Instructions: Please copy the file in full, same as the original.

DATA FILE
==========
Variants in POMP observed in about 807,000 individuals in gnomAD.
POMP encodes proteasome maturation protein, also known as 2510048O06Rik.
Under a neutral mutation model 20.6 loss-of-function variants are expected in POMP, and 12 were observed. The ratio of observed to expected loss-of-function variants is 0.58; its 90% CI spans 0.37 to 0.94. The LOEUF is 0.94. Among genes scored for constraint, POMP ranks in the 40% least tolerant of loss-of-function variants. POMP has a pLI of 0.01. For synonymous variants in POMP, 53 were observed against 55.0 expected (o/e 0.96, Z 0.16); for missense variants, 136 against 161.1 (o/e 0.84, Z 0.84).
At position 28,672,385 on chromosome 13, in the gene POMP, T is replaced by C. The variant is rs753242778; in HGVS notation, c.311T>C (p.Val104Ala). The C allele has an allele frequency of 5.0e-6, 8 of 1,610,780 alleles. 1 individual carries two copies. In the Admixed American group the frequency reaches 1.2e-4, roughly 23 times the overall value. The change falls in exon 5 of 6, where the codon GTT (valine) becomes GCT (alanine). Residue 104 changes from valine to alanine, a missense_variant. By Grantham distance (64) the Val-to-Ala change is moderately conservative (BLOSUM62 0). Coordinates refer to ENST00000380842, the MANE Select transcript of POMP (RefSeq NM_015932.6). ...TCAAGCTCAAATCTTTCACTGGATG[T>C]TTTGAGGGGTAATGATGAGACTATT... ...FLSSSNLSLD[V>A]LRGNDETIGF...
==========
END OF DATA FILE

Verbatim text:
Variants in POMP observed in about 807,000 individuals in gnomAD.
POMP encodes proteasome maturation protein, also known as 2510048O06Rik.
Under a neutral mutation model 20.6 loss-of-function variants are expected in POMP, and 12 were observed. The ratio of observed to expected loss-of-function variants is 0.58; its 90% CI spans 0.37 to 0.94. The LOEUF is 0.94. Among genes scored for constraint, POMP ranks in the 40% least tolerant of loss-of-function variants. POMP has a pLI of 0.01. For synonymous variants in POMP, 53 were observed against 55.0 expected (o/e 0.96, Z 0.16); for missense variants, 136 against 161.1 (o/e 0.84, Z 0.84).
At position 28,672,385 on chromosome 13, in the gene POMP, T is replaced by C. The variant is rs753242778; in HGVS notation, c.311T>C (p.Val104Ala). The C allele has an allele frequency of 5.0e-6, 8 of 1,610,780 alleles. 1 individual carries two copies. In the Admixed American group the frequency reaches 1.2e-4, roughly 23 times the overall value. The change falls in exon 5 of 6, where the codon GTT (valine) becomes GCT (alanine). Residue 104 changes from valine to alanine, a missense_variant. By Grantham distance (64) the Val-to-Ala change is moderately conservative (BLOSUM62 0). Coordinates refer to ENST00000380842, the MANE Select transcript of POMP (RefSeq NM_015932.6). ...TCAAGCTCAAATCTTTCACTGGATG[T>C]TTTGAGGGGTAATGATGAGACTATT... ...FLSSSNLSLD[V>A]LRGNDETIGF...